Spring in Ennerdale …

My latest trip to Ennerdale Water, in the Lake District, has yielded its usual crop of spectacular views and intriguing questions (see “Reflections from Ennerdale’s far side”).   This time, my curiosity was piqued by lush growths of green algae at several locations around the lake shore.  The knee-jerk reaction to such growths is that they indicate nutrient enrichment but I am always sceptical of this explanation, as lush green growth are a common sight in spring (see “The intricate ecology of green slime …”) and these often disappear within a month or two of appearing.

Two points of interest: first, the lake seems to be lagging behind the River Ehen, which flows out of Ennerdale Water.   We often see these lush growths of algae on the river bed in winter but by this time of year the mass of algae there is lower than we saw in the lake littoral.   Second, the lake bed looks far worse (see photograph below, from the north-west corner of the lake) than the actual biomass suggests.

Filamentous algae (Ulothrix aequalis) smothering cobble-sized stones in the littoral zone of Ennerdale Water, April 2017.

Under the microscope, this revealed itself to be unbranched filaments of a green algae, whose cells each contained a single band-shaped chloroplast lapping around most of the perimeter.   This is Ulothrix aequalis, a relative of Ulothrix zonata, which I wrote about a few times last year (see link above).   Like U. zonata, this species is very slimy to the touch and, I suspect, the payload of mucilage adds to the buoyancy of the organism and means that we look down on a fine mesh of filaments which trap light and add to the unsightly appearance of the lake bed at this point.   That this part of the lake shore is close to a tributary stream draining some improved pasture triggers some suspicions of agricultural run-off fuelling the algal growths but, looking back at my notebook, I see that the lake bed was almost clear of green algae when we visited this location in July last year.  I suspect that a return visit this summer would also show a clean river bed.  Appearances can often be misleading (see “The camera never lies?”).

Ulothrix aequalis from the littoral zone of Ennerdale Water, April 2017.   Scale bar: 10 micrometres (= 1/100th of a millimetre).

This was not the only site that we visited that had conspicuous growths of green algae, though the mass of algae was greatest here.   All of the sites at the western end had these growths (see “A lake of two halves” for an explanation of geological differences within the lake) but, curiously, the genus of alga that we found differed from site to site.   In addition to Ulothrix aequalis in this corner of the lake, we found Mougeotia on the south side and Spirogyra close to the outfall.  This diversity of forms is, itself, intriguing, and I have never read a convincing explanation of what environmental conditions favours each of these genera.   I see both spatial and temporal patterns of green algae in the River Ehen too and, again, there is no satisfactory explanation for why the species I find can differ along short distances of the river and between monthly visits.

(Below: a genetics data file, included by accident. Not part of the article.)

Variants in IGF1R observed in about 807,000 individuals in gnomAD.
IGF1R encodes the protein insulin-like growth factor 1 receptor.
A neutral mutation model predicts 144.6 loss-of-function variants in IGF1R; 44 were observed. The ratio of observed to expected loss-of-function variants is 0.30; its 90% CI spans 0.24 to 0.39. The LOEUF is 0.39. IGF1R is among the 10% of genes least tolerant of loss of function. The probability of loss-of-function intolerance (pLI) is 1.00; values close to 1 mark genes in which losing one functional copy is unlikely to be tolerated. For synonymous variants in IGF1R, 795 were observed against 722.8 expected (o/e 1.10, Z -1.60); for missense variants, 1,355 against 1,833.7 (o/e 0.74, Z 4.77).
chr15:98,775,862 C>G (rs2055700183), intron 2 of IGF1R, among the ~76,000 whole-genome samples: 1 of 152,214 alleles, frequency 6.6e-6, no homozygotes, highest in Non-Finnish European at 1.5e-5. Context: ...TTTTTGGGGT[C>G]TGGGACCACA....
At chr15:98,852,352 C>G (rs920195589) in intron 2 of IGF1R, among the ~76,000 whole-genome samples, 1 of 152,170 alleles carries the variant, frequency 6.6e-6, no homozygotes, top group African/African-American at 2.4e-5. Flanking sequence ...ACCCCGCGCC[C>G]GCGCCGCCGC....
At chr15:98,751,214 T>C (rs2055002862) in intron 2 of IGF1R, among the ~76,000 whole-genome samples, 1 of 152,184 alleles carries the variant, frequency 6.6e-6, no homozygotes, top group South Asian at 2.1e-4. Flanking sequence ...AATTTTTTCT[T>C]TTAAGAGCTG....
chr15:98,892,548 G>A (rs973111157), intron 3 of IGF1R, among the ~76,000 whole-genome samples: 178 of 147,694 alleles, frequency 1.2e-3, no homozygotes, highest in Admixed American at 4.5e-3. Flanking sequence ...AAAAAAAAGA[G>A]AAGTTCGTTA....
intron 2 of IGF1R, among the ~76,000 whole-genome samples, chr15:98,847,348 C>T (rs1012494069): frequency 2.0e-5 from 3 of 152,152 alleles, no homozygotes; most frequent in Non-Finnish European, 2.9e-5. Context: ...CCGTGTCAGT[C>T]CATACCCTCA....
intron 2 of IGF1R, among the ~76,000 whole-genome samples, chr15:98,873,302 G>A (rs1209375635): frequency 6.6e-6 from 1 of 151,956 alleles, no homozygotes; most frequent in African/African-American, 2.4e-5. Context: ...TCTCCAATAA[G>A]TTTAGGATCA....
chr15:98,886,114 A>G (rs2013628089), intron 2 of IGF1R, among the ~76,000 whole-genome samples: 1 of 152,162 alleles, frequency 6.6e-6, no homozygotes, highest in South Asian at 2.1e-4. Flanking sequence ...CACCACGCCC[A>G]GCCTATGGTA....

The Mougeotia and Spirogyra both have another story to tell, but that will have to wait for the next post …


Bollihope Bhavacakra*


My explorations of the biology of Ulothrix zonata have taken me from Bollihope Burn in Weardale (see “Bollihope Burn in close-up”) to upper Teesdale (see “The intricate ecology of green slime”) and one of the outcomes is this representation based on the diatom-smothered filaments that I observed in Bollihope Burn, close to the sink hole.   The picture illustrates the suggestion that I made in the post about Bollihope Burn – that the switch from “vegetative” to “reproductive” mode leads to less energy being available for the alga to manufacture the slime that it needs to stop epiphytes gaining a foothold.   By intercepting the limited light that penetrates into the water, these algae can shade the host plant to such an extent that it cannot gain the energy it needs to grow.   The mucilage is the equivalent of the “anti-fouling paint” that mariners use to stop barnacles encrusting their hulls.

My image shows a single healthy filament of Ulothrix zonata at the bottom right of the image and, on the left, two filaments of cells that are producing flagellated gametes that will eventually be released.  I write “gametes” with mild trepidation, as they may also be nascent zoospores associated with the asexual phase (see below).   A third filament, in the background, is composed mostly of empty cells that have already released their gametes.   There are no “male” or “female” gametes; any two can combine to form a zygote, so long as they come from different filaments.   This zygote then attaches to the substratum and does little more over the summer.